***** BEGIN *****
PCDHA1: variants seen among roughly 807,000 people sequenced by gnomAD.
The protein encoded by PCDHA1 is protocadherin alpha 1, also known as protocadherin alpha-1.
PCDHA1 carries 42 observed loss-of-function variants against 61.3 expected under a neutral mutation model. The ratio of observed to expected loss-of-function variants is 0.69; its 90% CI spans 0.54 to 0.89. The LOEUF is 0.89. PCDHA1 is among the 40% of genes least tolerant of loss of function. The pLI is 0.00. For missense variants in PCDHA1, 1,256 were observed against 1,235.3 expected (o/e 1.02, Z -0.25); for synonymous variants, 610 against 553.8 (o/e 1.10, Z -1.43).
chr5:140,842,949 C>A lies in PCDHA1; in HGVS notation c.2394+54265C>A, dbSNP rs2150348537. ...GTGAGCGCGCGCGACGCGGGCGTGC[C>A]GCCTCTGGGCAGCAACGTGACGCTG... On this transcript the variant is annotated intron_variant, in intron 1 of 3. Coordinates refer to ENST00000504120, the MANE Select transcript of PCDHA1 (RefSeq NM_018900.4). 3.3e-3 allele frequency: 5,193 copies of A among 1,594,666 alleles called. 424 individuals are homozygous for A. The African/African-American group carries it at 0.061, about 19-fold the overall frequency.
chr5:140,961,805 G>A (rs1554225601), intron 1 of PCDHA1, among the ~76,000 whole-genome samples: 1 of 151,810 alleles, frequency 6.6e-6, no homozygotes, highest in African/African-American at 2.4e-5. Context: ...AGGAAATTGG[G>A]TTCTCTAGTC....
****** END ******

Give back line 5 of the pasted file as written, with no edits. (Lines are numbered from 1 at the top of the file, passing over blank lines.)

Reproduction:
chr5:140,961,805 G>A (rs1554225601), intron 1 of PCDHA1, among the ~76,000 whole-genome samples: 1 of 151,810 alleles, frequency 6.6e-6, no homozygotes, highest in African/African-American at 2.4e-5. Context: ...AGGAAATTGG[G>A]TTCTCTAGTC....